The FBI has arrested nearly a dozen Russian spies, with more arrests to come. Echoing the spirit of today's media, the headline of the Christian Science Monitor asked the following question: "The cold war is over, so why the fascination with Russian spies?" But the Cold War is not over. The Communists merely told us it was over, and we believed them. As for our supposed fascination with Russian spies, the subject is merely an entertaining human interest story. It is a story that almost nobody understands. That is to say, we have been conditioned, over many years, to dismiss the threat of thousands of Russian agents working day and night to compromise our government, our national security, our economy, our unity, and our political process.
The United States is not invincible, but Americans act as though it is. We are so spoiled, so oblivious and comfortable, so distracted by entertainment, that the harsher realties of our time have utterly escaped us. In the days after 9/11 we briefly came to our senses. Unfortunately, President Bush told the American people to buy airline tickets and live as though 9/11 had not occurred, because he was afraid our economy would collapse if we weren't shopping and having fun.
Since 1991 we have been indoctrinated with the idea that there is no Communist threat, no boogeyman hiding under the bed. How could we remain in our present hedonistic stupor if we thought there was a boogeyman? So we find a nest of Russian spies. No skyscrapers fell. No multitude was slaughtered, and we find no connection between the work of these Russian spies and international terrorism. What if we had found a nest of Brazilian spies? Would anyone be frightened? It is irrelevant, you see, because Communism is dead.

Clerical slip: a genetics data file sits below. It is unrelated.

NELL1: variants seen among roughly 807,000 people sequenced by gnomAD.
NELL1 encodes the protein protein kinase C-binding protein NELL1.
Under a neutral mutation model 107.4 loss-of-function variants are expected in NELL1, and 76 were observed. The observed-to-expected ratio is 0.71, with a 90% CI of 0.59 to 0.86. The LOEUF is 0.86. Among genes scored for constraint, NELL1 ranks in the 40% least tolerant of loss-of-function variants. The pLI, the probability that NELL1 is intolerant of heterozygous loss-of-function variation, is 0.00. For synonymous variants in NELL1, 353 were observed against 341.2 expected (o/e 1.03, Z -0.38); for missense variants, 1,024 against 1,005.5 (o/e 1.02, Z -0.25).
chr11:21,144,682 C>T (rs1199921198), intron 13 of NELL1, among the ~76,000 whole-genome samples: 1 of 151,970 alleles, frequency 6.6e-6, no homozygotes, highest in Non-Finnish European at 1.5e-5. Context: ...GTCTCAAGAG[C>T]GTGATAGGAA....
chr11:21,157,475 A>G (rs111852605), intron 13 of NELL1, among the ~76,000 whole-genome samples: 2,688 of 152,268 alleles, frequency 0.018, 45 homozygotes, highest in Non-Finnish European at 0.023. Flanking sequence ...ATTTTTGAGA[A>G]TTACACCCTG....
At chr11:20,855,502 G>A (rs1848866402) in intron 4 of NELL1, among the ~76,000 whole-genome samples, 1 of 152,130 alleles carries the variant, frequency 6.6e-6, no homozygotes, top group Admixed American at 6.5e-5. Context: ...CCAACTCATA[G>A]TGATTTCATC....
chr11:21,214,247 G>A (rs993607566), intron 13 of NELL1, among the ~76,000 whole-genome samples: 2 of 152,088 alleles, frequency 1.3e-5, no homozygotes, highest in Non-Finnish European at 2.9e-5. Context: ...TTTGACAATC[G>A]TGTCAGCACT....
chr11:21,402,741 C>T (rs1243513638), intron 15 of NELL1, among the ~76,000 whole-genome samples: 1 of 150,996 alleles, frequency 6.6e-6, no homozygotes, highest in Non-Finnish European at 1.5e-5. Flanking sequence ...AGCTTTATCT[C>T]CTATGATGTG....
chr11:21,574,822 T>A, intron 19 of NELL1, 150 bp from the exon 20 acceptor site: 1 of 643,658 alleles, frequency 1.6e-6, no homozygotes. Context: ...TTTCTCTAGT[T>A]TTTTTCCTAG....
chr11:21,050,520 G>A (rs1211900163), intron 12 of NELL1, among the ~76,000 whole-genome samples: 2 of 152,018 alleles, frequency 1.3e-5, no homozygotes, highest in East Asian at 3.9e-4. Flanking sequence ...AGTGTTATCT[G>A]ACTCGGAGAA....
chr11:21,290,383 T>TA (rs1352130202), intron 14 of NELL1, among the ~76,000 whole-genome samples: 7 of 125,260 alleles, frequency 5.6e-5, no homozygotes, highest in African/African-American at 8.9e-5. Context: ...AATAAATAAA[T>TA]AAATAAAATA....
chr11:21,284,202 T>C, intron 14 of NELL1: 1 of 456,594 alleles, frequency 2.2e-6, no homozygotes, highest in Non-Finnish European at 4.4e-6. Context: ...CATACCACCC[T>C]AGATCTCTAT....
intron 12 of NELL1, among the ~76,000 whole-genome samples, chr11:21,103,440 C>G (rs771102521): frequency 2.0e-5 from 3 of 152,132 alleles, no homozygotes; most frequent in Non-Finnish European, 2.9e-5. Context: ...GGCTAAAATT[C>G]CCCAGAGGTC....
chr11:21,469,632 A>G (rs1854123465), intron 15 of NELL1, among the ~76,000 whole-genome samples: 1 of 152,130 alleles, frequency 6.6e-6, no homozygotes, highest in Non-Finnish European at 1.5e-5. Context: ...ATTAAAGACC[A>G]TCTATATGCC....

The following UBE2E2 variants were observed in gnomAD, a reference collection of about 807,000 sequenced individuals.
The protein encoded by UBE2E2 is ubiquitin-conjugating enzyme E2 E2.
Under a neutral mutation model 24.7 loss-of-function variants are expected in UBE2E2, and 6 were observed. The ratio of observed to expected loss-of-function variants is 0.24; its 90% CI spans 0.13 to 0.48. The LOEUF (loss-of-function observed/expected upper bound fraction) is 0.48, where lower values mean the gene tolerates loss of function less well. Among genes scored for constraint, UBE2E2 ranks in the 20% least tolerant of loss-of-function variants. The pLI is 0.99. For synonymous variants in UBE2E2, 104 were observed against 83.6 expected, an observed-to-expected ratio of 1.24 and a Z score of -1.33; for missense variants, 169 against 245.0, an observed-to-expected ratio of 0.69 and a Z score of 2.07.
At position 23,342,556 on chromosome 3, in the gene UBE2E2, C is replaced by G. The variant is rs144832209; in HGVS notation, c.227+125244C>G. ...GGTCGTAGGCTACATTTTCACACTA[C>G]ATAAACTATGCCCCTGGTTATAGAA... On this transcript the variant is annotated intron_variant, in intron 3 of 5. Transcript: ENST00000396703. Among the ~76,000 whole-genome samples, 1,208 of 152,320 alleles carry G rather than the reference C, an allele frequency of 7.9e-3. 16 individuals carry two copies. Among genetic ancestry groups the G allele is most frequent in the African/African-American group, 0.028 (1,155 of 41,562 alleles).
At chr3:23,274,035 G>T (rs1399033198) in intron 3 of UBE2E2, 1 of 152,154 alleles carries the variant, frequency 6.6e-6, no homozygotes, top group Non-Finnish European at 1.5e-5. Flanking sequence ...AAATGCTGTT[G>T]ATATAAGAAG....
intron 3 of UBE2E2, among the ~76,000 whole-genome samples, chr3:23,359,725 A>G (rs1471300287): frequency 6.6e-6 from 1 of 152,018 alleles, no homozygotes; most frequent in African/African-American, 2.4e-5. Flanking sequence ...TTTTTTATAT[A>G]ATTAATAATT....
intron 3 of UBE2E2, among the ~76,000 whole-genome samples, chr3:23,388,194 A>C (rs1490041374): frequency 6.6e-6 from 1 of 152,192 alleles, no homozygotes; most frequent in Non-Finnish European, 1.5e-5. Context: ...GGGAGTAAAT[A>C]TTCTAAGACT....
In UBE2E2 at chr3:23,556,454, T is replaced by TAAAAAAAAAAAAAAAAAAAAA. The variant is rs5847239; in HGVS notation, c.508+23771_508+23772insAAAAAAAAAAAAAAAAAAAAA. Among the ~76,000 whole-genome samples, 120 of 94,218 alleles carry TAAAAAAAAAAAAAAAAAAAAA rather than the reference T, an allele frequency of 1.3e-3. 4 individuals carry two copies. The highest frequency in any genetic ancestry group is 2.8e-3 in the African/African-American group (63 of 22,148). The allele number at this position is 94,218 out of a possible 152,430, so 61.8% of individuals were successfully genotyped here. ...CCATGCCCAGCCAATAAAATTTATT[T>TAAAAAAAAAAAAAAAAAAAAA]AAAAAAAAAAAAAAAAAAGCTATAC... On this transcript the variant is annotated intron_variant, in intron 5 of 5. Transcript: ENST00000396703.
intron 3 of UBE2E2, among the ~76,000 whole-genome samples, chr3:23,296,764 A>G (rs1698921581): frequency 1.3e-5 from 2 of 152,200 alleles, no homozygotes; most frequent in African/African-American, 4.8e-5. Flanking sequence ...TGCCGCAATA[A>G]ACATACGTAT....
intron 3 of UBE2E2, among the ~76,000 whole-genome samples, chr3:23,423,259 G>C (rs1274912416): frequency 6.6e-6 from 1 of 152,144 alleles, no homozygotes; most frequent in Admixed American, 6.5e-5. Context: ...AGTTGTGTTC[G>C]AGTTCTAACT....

Of course, it was the Communists who told us they were dead. Soon thereafter, they entered into partnership with our leaders, our corporations, and many of our universities. They even claimed to be our allies in the war against terror. Of course, it is not always possible to maintain such a façade. Did you hear what top media bosses from Red China did while visiting Washington on September 11, 2001? Columnist John Derbyshire tells us that they were "in a room together with some State Department minders, receiving some kind of cultural acclimatization, when the World Trade Center was hit. There was a TV set in the room, and everyone got to see the second plane hit. When this happened," wrote Derbyshire, "some of the Chinese party stood up and cheered." The Americans in the room got very angry. There was a shouting match, and these top Communist media bosses were sent back to China.
Do you really think such people are actually friends of America? Surely, all the Communists on the planet have become democrats. They believe in capitalism. That nice KGB officer, Vladimir Putin, wears a cross around his neck. And George W. Bush calls Putin a friend. He even saw into Putin's soul. All these former Communists and spies are nice people now. They would never cheer the collapse of the World Trade Center. Never!